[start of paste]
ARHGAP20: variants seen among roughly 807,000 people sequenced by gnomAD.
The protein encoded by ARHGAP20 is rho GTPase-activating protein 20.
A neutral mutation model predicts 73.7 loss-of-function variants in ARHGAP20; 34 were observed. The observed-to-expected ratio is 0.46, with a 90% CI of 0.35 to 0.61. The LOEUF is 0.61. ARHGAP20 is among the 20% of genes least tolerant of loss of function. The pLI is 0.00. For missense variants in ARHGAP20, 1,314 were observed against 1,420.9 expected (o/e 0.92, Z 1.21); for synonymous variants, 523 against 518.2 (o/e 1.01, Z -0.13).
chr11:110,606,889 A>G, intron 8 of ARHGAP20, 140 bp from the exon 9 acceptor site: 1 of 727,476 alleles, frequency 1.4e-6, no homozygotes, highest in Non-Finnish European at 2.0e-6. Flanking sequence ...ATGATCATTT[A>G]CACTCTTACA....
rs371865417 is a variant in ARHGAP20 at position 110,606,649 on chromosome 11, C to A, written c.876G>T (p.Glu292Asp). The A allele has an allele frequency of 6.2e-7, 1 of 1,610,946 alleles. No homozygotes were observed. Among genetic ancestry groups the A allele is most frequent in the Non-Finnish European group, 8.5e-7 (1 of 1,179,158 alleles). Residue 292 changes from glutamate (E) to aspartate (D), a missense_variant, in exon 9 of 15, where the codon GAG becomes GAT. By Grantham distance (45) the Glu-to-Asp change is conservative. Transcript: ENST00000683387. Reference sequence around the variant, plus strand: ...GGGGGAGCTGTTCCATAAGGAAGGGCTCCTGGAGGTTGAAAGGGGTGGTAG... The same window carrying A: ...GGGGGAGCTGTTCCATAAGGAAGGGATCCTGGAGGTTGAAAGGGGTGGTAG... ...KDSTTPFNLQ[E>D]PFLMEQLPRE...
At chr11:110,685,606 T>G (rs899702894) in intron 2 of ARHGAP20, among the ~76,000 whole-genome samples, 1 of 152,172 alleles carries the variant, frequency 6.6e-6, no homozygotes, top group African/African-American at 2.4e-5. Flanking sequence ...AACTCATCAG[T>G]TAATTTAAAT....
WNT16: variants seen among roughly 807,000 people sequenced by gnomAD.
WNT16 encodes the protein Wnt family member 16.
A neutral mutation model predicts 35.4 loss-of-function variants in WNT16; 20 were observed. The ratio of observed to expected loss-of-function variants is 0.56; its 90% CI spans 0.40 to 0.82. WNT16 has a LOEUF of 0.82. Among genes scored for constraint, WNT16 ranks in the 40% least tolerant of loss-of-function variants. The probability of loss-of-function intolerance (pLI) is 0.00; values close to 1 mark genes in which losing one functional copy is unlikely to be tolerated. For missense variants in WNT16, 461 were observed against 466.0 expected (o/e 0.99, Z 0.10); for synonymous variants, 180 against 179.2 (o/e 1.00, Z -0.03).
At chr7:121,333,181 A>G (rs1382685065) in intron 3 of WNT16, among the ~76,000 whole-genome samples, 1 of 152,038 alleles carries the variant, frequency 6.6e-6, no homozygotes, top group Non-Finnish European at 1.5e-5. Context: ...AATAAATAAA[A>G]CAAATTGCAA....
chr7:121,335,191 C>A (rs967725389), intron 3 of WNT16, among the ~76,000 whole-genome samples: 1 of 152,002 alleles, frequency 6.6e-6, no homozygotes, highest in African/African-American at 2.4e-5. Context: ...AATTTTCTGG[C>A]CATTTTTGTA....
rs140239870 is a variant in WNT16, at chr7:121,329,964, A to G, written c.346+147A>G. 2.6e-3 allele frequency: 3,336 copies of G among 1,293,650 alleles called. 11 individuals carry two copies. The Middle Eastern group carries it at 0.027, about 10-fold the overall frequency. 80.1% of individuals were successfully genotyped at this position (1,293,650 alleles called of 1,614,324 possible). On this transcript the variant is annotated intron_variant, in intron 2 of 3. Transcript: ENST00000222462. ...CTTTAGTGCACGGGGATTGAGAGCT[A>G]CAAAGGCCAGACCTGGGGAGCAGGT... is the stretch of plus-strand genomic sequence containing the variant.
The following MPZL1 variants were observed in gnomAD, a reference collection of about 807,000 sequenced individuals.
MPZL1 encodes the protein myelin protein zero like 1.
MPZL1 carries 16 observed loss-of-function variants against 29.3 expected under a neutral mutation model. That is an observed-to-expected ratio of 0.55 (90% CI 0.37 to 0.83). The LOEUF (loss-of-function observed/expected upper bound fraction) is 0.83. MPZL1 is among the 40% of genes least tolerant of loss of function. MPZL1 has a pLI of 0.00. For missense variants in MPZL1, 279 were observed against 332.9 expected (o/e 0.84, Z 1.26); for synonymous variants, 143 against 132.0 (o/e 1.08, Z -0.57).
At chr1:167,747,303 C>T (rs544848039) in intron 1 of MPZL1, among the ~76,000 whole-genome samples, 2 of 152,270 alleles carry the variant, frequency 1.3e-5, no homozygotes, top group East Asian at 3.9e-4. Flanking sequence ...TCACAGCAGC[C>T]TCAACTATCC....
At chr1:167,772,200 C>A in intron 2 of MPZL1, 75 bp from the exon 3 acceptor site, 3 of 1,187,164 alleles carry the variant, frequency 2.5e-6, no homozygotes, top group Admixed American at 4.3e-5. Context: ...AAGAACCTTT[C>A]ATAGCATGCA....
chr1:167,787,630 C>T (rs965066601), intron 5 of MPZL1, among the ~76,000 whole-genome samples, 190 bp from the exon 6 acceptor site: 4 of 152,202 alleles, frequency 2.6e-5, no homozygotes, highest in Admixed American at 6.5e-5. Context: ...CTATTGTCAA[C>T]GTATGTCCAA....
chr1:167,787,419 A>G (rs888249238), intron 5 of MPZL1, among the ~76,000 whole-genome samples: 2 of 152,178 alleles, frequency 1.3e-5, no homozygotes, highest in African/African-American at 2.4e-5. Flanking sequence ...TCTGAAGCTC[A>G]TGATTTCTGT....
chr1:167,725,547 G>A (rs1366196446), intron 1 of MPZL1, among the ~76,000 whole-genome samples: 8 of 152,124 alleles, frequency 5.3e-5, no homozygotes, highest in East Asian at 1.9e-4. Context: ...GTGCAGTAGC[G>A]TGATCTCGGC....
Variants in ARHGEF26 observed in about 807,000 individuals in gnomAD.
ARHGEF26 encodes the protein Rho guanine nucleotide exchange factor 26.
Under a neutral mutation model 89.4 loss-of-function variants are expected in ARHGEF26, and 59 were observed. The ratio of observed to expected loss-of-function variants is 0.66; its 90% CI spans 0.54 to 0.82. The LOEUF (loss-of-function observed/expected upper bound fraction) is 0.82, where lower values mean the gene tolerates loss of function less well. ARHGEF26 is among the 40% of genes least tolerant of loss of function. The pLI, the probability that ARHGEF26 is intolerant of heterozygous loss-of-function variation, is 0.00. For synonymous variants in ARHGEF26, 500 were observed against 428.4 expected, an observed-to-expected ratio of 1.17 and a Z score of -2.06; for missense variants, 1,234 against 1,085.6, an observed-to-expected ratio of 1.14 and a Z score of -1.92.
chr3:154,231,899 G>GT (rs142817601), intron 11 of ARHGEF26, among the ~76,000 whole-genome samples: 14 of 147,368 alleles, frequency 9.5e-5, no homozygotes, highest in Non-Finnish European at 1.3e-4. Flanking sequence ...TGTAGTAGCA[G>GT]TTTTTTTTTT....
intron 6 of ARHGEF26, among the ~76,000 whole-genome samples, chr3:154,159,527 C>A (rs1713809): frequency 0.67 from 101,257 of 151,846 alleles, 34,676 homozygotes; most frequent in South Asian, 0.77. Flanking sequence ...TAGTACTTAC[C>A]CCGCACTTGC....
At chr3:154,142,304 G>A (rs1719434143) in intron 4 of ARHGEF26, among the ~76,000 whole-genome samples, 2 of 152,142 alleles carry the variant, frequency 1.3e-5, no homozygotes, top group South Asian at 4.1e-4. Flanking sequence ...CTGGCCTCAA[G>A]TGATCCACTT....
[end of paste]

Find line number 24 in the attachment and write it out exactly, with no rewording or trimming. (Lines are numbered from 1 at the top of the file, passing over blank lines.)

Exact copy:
chr3:154,231,899 G>GT (rs142817601), intron 11 of ARHGEF26, among the ~76,000 whole-genome samples: 14 of 147,368 alleles, frequency 9.5e-5, no homozygotes, highest in Non-Finnish European at 1.3e-4. Flanking sequence ...TGTAGTAGCA[G>GT]TTTTTTTTTT....